Xunantunich Ruins, Belize

"El Castillo," the main temple at Xunantunich
  • "El Castillo," the main temple at Xunantunich

Over the river and through the trees lie the Mayan ruins of Xunantunich.

First unearthed in British Honduras at the turn of the last century, this ancient archeological site is one of the finest in the country that is now Belize. Although it’s less than 30 minutes from the capital city of Belmopan, most tourists come to Belize for the scuba diving and spend the majority of their time on the cayes off the northeastern coast of the country. Their loss is truly your gain.

If you’re driving, the turnoff to the park entrance is easy to pass by, as the highway is separated by the Mopan River that runs parallel to it. No bridge exists; the waterway must be navigated by a ferry that’s only large enough to transport one vehicle at a time. The water may be deep, but it’s not wide, and I must say I used all of my self control not to dive in and swim Indiana Jones–style to the other side.

The actual entrance to the park is a not-too-distant uphill walk from where the ferry docks. Although shaded by the jungle canopy, Central America’s heat and humidity makes the trek more difficult than most believe it will be.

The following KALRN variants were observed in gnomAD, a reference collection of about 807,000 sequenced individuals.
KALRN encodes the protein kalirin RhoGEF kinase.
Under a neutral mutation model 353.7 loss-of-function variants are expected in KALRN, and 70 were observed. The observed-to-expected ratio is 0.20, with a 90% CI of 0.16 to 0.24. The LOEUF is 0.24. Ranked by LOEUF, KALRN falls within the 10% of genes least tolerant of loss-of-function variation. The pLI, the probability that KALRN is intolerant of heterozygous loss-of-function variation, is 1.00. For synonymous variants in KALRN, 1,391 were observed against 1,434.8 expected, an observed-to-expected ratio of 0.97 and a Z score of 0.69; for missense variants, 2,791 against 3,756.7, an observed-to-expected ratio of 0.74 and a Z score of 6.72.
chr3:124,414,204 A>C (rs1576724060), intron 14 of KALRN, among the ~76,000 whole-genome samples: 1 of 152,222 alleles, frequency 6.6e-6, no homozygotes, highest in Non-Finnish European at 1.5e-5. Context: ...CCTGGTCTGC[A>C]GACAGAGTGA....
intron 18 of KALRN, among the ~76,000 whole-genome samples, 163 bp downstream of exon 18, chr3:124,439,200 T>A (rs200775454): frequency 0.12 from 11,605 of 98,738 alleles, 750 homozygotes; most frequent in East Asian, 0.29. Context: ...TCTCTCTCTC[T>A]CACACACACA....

Inside, you’re treated to the excavated – and in many cases reconstructed – Mayan structures. The stone buildings had little use other than for religious ceremony. The most noticeable, “El Castillo,” stretches 130 feet towards the heavens and is complete with chamber rooms and altars.

Xunantunich roughly translates to “maiden of the rock,” and it takes little imagination to invoke thoughts of young women being sacrificed to the insatiable gods of the culture.

Unlike the national parks and monuments of the U.S., there are no barriers or ropes cordoning off the sites. Although it dates back to 900 AD, you’re welcome – if not encouraged – to climb the steps and explore the ancient construction. However, stairs are steep, without handrails, and are not for the faint of heart.

The grounds are equally interesting, as ball fields the size of multiple football fields have been exhumed and manicured to walk or play on as you like. A museum explaining the history and dig is a must visit, and there’s also a gift shop to complete the tourist experience.

Of the many Mayan ruins Belize has to offer, I found Xunantunich easily the best – and for a $10 entrance fee, it’s hardly a sacrifice.

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